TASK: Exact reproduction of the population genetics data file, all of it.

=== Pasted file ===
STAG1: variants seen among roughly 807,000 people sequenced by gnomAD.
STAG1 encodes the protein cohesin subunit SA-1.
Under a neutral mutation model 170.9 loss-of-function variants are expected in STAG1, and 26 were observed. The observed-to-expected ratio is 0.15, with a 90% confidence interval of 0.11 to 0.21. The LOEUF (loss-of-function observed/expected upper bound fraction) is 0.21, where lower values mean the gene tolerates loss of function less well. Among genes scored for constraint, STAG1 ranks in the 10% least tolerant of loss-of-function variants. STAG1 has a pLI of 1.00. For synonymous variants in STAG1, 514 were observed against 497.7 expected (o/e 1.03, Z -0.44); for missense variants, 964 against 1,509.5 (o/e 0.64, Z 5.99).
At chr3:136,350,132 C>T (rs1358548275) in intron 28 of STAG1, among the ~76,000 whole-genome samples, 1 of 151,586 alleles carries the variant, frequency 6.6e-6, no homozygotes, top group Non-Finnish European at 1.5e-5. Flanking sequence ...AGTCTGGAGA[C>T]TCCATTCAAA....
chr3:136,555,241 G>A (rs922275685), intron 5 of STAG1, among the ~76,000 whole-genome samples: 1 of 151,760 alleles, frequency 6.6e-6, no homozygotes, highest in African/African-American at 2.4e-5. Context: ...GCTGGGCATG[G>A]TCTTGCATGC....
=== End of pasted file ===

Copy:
STAG1: variants seen among roughly 807,000 people sequenced by gnomAD.
STAG1 encodes the protein cohesin subunit SA-1.
Under a neutral mutation model 170.9 loss-of-function variants are expected in STAG1, and 26 were observed. The observed-to-expected ratio is 0.15, with a 90% confidence interval of 0.11 to 0.21. The LOEUF (loss-of-function observed/expected upper bound fraction) is 0.21, where lower values mean the gene tolerates loss of function less well. Among genes scored for constraint, STAG1 ranks in the 10% least tolerant of loss-of-function variants. STAG1 has a pLI of 1.00. For synonymous variants in STAG1, 514 were observed against 497.7 expected (o/e 1.03, Z -0.44); for missense variants, 964 against 1,509.5 (o/e 0.64, Z 5.99).
At chr3:136,350,132 C>T (rs1358548275) in intron 28 of STAG1, among the ~76,000 whole-genome samples, 1 of 151,586 alleles carries the variant, frequency 6.6e-6, no homozygotes, top group Non-Finnish European at 1.5e-5. Flanking sequence ...AGTCTGGAGA[C>T]TCCATTCAAA....
chr3:136,555,241 G>A (rs922275685), intron 5 of STAG1, among the ~76,000 whole-genome samples: 1 of 151,760 alleles, frequency 6.6e-6, no homozygotes, highest in African/African-American at 2.4e-5. Context: ...GCTGGGCATG[G>A]TCTTGCATGC....